Adrian Guerra’s Nostromo Pictures will lead produce; Jeremy Thomas, who licensed the rights of “Man” to Guerra, will take an executive producer credit with Thomas’ London-based Recorded Picture Co. associate producing.
Film’s storyline is a rewrite of the totally contempo Robert Duvall/Ewan McGregor re-launch that Thomas and Gilliam battled to finance over 2008-10, turning on an commercials director who is confused with Sancho Panza by a deluded actor who played Don Quixote in a movie the exec once shot.
They failed to raise the financing. The key difference this time round, »
- John Hopewell and Leo Barraclough
Don't worry, he's a good man, but an artist.
A young Catalan girl, Mercè (Aida Folch), has escaped Franco's Spain and found herself in a cozy French town (occupied by the Nazis). Mercè is spotted by Léa (Claudia Cardinale) as a potential model for her husband Marc Cros (Jean Rochefort), a sculptor. In another film, this could well be the start of some very nefarious doings, but in The Artist and the Model (2013), things are exactly as advertised. The hungry refugee takes the job and, the next day, finds herself standing, au natural, moving at the direction of this remote, elderly artist. He gives little consolation or explanation to the young woman, single-mindedly searching for "an idea." He sketches, sculpts, and paints her in many poses, but never to his liking. The world around him is at war, but he stands in his safe little corner surrounded by naked women, »
- Jason Ratigan
Seventh time's a charm? Terry Gilliam has announced that he will be starting production on his long-time labor of love "The Man Who Killed Don Quixote" on the Canary Islands in the fall. This is the seventh time over the past 20 years the director has attempted to get his troubled adaptation of Cervantes' "Don Quixote" off the ground. The film has gone through numerous failed iterations. The time it came closest to successful production was in 2000, when Gilliam had Johnny Depp and Vanessa Paradis on board, filming in the south-east of Spain. But lead actor Jean Rochefort suffered a back injury, and a flash flood literally swept away parts of the location and equipment. This is chronicled in the must-watch doc "Lost in La Mancha." No word yet on casting this time around, though Robert Duvall was the latest actor attached to the title role back in 2009. Depp is »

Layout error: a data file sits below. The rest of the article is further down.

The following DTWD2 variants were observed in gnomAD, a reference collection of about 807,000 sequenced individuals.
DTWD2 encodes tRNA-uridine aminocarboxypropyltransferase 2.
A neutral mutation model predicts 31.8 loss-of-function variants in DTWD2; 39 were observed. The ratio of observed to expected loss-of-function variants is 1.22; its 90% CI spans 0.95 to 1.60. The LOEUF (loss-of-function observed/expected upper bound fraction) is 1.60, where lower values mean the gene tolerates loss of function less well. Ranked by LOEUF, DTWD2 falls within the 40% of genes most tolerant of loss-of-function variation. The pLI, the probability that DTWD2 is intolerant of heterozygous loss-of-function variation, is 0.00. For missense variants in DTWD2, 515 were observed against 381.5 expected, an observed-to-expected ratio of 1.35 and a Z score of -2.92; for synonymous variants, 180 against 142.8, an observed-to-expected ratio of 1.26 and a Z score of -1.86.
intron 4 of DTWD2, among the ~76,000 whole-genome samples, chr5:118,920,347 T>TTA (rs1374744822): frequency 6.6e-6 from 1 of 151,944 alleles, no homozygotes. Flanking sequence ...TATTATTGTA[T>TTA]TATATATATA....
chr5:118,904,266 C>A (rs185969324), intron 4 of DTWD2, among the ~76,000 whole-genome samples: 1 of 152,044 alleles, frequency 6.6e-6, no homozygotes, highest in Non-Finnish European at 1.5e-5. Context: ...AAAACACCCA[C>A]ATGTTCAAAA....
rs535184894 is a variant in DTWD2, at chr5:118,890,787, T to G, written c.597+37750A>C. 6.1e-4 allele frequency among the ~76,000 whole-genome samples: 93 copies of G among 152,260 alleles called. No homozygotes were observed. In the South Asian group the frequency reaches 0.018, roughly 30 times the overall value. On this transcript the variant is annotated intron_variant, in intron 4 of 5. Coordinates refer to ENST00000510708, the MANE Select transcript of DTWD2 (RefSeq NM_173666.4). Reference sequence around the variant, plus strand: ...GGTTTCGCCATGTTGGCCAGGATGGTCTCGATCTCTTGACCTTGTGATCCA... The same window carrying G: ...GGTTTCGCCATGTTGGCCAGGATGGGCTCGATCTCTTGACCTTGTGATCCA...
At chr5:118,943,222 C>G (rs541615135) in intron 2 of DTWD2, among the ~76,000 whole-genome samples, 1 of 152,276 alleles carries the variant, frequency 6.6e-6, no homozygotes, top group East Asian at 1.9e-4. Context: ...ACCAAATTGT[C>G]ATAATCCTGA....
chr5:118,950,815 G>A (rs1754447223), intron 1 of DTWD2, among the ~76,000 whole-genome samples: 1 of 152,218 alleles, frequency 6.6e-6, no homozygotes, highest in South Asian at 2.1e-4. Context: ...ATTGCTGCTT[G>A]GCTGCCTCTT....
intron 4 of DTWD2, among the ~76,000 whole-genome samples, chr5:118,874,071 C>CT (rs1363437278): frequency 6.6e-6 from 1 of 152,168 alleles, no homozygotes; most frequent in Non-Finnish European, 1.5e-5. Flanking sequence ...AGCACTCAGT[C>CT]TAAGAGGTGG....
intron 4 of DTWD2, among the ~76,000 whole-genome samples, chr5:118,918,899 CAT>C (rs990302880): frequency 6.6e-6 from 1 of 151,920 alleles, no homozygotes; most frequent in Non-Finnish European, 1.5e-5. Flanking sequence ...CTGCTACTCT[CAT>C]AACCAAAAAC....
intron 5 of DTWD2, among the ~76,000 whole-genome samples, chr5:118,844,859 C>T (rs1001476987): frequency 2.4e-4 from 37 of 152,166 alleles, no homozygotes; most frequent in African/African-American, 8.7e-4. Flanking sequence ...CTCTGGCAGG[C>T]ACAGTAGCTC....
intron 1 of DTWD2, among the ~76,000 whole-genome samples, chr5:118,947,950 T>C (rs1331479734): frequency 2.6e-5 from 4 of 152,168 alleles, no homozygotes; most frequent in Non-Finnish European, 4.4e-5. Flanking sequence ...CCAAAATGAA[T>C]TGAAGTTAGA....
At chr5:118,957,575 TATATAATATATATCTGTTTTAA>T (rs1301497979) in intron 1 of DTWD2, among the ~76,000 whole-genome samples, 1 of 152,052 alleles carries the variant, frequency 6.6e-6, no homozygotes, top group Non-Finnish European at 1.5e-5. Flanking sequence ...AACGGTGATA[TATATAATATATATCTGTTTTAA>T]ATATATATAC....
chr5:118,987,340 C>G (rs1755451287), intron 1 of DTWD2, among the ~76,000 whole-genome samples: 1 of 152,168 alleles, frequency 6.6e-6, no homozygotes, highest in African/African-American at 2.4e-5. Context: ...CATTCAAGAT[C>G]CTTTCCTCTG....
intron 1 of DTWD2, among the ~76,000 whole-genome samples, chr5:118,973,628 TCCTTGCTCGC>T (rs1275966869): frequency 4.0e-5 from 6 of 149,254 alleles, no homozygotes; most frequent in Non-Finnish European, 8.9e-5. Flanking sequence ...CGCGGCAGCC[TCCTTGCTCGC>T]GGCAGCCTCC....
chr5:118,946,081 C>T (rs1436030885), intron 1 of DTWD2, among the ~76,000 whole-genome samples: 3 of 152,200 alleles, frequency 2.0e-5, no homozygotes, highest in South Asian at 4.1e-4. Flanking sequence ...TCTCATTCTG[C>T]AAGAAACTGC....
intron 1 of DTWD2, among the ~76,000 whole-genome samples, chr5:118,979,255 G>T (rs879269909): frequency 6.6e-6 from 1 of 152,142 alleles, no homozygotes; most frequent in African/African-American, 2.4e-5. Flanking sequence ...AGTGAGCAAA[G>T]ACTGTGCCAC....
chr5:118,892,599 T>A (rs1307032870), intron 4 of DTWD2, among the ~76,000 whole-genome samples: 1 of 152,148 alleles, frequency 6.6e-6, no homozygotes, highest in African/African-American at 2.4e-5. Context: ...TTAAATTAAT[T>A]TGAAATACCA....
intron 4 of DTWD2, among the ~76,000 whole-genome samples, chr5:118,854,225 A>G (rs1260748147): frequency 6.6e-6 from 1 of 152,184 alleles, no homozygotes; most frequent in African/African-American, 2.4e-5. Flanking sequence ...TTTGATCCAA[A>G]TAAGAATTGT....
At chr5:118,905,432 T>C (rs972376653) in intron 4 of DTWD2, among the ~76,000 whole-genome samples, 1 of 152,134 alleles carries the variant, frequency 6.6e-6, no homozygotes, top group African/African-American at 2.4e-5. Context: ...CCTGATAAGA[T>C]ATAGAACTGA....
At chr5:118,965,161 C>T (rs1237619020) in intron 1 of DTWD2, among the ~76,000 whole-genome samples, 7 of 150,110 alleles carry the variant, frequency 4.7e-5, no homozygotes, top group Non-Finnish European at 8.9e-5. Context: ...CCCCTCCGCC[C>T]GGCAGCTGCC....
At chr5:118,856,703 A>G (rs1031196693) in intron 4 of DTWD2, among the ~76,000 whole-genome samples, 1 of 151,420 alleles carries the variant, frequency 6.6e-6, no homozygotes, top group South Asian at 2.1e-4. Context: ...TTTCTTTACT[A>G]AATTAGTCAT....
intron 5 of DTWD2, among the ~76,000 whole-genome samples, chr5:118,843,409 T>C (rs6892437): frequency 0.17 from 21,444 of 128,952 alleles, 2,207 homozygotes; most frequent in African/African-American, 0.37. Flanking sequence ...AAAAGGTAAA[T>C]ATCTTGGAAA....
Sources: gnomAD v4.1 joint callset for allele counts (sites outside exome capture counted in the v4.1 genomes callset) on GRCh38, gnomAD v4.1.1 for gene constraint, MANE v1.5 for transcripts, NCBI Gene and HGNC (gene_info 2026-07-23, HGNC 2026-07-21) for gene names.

- Beth Hanna
R.I.P. Shirley Temple Black has died at her home in Woodside, California, at the age of 85, reports the New York Times. Born in Santa Monica, California, on April 23, 1928, Shirley Jane Temple began taking dance lessons at the age of three and appeared in her first movie at the age of four. Her first significant role came in 1934, when she was chosen to star in Stand Up and Cheer. She was signed to a year-long contract with Fox based on her performance in that movie and a string of feel-good song-and-dance movies followed. Notes Black in her 1988 autobiography Child Star:
People in the Depression wanted something to cheer them up, and they fell in love with a dog, Rin Tin Tin, and a little girl.
Temple received an honorary Academy Award at the age of six and was the most popular movie star in the U.S. from 1935 to »
- BJSprecher Sprecher
Check out what's new to rent and own this week on the various streaming services such as cable Movies On Demand, Amazon, iTunes, Vudu, and, of course, Netflix. Cable Movies On Demand: Same-day-as-disc releases, older titles and pretheatrical exclusives for rent, priced from $3-$10, in 24- or 48-hour periods The Best Man Holiday (comedy; Morris Chestnut, Taye Diggs; rated R) Ender's Game (Ya sci-fi/action; Asa Butterfield, Harrison Ford; rated PG-13) The Armstrong Lie (documentary; Lance Armstrong; rated R) The Artist and the Model (drama; Jean Rochefort, Claudia Cardinale; rated R) Austenland (comedy; Keri Russell, Bret McKenzie; rated PG-13) Khumba (animated family film, voices: Jake T. Austin, Liam Neeson; also available in 3D; not rated) Knights of...
- Robert B. DeSalvo
Terry Gilliam told us last November that his his next project following The Zero Theorem would be his long-awaited Miguel de Cervantes adaptation The Man Who Killed Don Quixote . "I'm going to try to do 'Don Quixote' again," Gilliam said then. "I think this is the seventh time. Lucky seven, maybe. We'll see if it happens. This is kind of my default position, going back to that. I actually just want to make it and get rid of it. Get it out of my life." Production on Gilliam's "Don Quixote" actually began in 2000 with Jean Rochefort as Quixote and Johnny Depp in the role of Sancho Panza. Unfortunately, the shoot met with dilemma after dilemma and was never finished, although the behind-the-scenes of the troubled production did end up becoming a »
Director: Kevin Connor,
Running Time: 168 Minutes
Extras: ‘Creating Frankenstein’ 5 Minute Making Of,
How depressing! Films from 2004 are celebrating their 10th anniversary. It’s enough to make you want to look for a way to extend life, which is probably why the first celebratory release is this adaptation of warnings against such things. Those only familiar with Frankenstein through the movies may actually be surprised to find that the majority of the book isn’t horror at all, as demonstrated by this very faithful adaptation. A Hallmark production that was screened in two parts, Frankenstein acknowledges that the title refers to the creator and not the monster, thus giving him the majority of the focus in this dramatic telling.
As it is made for TV, the budget is certainly unkind at times, »
- Luke Ryan Baldock
14 items from 2014